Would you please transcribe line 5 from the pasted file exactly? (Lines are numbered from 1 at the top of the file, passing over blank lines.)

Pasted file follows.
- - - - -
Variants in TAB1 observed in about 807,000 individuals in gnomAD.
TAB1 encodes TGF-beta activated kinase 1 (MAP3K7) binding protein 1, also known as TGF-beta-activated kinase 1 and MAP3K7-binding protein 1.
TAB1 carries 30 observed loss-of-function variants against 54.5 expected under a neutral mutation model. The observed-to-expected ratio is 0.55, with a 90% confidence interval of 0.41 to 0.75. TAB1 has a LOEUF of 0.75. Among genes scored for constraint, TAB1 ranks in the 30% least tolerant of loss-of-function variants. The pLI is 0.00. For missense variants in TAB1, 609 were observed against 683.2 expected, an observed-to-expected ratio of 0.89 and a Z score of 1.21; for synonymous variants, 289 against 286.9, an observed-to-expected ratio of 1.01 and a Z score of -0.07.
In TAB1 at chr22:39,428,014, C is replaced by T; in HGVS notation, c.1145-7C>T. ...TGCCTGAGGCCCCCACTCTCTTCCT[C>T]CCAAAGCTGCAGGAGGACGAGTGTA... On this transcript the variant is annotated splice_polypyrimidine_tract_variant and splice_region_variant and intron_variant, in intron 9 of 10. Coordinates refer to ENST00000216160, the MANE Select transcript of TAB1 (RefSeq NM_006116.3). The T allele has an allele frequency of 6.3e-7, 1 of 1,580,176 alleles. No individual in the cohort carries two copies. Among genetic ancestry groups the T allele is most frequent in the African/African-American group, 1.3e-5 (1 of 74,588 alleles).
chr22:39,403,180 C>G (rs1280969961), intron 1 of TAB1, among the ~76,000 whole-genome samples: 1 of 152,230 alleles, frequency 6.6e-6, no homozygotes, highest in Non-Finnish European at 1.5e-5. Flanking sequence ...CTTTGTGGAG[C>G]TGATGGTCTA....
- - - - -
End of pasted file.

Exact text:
chr22:39,403,180 C>G (rs1280969961), intron 1 of TAB1, among the ~76,000 whole-genome samples: 1 of 152,230 alleles, frequency 6.6e-6, no homozygotes, highest in Non-Finnish European at 1.5e-5. Flanking sequence ...CTTTGTGGAG[C>G]TGATGGTCTA....